IMU: A Content Replacement Policy for CCN, Based on Immature Content Selection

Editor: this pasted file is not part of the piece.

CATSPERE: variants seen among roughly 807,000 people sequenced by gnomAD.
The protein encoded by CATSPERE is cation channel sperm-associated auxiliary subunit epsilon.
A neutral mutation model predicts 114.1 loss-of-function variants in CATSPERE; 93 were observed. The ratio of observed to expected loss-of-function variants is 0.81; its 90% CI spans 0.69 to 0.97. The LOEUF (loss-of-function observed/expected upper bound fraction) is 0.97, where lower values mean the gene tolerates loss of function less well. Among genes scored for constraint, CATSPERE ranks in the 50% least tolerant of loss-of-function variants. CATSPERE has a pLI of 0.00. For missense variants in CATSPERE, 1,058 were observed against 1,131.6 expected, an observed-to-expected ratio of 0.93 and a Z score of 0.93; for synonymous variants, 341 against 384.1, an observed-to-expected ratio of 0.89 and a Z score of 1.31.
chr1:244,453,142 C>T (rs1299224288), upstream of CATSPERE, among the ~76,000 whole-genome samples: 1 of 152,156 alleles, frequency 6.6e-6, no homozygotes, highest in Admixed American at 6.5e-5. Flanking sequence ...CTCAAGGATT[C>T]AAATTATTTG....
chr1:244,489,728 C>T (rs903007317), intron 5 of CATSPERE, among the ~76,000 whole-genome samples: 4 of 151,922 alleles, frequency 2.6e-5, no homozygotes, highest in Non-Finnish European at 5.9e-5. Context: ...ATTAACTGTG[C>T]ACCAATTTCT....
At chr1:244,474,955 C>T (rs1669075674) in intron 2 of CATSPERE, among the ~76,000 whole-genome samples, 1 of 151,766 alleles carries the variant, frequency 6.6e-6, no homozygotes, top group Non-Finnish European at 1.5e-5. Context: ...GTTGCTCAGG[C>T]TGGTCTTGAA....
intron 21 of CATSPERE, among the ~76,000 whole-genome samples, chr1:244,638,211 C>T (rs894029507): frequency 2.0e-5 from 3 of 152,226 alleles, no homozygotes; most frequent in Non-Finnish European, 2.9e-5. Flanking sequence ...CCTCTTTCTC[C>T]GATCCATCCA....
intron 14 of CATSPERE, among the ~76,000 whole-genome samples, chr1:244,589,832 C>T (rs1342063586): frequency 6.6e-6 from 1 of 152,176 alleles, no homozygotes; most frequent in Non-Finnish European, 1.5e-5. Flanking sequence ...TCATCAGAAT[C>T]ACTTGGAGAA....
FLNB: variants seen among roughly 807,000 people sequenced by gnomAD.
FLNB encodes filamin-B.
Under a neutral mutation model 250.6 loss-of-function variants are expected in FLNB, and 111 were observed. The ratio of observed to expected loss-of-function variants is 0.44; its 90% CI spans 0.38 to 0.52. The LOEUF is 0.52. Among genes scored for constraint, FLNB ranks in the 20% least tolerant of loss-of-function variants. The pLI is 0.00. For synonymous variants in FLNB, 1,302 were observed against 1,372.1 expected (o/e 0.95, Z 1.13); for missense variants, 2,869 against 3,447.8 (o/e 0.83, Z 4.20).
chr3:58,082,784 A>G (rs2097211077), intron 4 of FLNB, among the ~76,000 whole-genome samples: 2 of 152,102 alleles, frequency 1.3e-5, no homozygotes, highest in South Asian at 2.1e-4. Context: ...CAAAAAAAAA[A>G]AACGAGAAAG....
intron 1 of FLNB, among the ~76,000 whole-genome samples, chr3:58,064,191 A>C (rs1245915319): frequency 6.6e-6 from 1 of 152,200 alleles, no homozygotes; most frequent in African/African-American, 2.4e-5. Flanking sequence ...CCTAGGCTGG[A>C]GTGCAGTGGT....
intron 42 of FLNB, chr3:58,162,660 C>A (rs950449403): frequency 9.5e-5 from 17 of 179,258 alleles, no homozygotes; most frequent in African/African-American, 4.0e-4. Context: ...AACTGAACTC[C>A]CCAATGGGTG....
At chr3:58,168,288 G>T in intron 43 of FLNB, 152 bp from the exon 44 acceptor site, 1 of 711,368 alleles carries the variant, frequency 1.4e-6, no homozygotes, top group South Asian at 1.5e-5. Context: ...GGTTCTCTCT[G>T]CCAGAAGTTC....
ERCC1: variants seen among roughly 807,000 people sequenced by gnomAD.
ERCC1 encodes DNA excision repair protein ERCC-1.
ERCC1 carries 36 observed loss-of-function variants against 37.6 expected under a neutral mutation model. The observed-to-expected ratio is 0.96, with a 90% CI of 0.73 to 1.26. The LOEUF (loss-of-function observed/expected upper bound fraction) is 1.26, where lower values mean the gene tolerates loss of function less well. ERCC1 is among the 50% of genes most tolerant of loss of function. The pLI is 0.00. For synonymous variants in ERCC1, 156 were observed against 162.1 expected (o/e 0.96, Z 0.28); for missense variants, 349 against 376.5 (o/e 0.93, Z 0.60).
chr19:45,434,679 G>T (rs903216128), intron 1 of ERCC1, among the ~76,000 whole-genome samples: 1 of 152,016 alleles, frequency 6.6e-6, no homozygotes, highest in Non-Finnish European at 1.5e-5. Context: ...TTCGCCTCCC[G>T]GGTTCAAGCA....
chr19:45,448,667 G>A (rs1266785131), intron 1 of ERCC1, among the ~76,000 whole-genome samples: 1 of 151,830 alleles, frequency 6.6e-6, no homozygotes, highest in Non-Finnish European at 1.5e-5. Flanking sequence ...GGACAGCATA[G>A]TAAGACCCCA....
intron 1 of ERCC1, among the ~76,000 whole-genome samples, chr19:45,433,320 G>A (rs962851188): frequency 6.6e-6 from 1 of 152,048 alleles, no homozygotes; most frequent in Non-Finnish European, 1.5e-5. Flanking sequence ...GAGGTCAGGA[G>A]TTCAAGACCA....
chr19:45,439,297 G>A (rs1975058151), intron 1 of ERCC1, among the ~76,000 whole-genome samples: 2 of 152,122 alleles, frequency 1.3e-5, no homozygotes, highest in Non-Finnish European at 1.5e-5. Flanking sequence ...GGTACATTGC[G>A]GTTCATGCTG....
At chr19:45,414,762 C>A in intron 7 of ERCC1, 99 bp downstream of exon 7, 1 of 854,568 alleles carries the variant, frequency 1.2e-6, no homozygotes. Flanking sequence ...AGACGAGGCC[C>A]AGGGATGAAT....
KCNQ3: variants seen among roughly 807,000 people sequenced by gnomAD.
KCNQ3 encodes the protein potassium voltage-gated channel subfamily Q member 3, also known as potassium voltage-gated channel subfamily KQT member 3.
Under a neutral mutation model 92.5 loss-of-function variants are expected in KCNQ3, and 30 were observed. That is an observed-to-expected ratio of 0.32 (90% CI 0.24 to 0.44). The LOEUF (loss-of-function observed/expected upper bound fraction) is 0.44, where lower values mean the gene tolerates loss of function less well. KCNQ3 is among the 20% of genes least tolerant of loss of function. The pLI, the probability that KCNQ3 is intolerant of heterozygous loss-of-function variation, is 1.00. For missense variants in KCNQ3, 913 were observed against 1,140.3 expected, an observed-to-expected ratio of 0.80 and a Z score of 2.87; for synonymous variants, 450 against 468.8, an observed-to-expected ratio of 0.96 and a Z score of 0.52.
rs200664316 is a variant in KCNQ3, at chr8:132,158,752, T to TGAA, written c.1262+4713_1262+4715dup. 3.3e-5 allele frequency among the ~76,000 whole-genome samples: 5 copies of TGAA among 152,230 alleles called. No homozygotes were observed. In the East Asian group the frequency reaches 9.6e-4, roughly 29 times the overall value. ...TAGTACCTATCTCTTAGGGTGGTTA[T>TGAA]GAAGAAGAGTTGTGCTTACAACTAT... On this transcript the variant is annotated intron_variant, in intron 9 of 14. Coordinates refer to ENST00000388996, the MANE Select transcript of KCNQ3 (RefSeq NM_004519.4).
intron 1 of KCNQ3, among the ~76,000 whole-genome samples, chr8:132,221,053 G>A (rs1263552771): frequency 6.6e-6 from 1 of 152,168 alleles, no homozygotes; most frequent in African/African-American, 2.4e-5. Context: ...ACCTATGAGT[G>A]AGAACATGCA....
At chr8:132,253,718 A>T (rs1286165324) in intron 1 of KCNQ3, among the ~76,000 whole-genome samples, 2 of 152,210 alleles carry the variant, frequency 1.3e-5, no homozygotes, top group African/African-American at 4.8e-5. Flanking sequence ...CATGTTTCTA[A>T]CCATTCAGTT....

In‐network caching is the essential part of Content‐Centric Networking (CCN). The main aim of a CCN caching module is data distribution within the network. Each CCN node can cache content according to its placement policy. Therefore, it is fully equipped to meet the requirements of future networks demands. The placement strategy decides to cache the content at the optimized location and minimize content redundancy within the network. When cache capacity is full, the content eviction policy decides which content should stay in the cache and which content should be evicted. Hence, network performance and cache hit ratio almost equally depend on the content placement and replacement policies. Content eviction policies have diverse requirements due to limited cache capacity, higher request rates, and the rapid change of cache states. Many replacement policies follow the concept of low or high popularity and data freshness for content eviction. However, when content loses its popularity after becoming very popular in a certain period, it remains in the cache space. Moreover, content is evicted from the cache space before it becomes popular. To handle the above‐mentioned issue, we introduced the concept of maturity/immaturity of the content. The proposed policy, named Immature Used (IMU), finds the content maturity index by using the content arrival time and its frequency within a specific time frame. Also, it determines the maturity level through a maturity classifier. In the case of a full cache, the least immature content is evicted from the cache space. We performed extensive simulations in the simulator (Icarus) to evaluate the performance (cache hit ratio, path stretch, latency, and link load) of the proposed policy with different well‐known cache replacement policies in CCN. The obtained results, with varying popularity and cache sizes, indicate that our proposed policy can achieve up to 14.31% more cache hits, 5.91% reduced latency, 3.82% improved path stretch, and 9.53% decreased link load, compared to the recently proposed technique. Moreover, the proposed policy performed significantly better compared to other baseline approaches.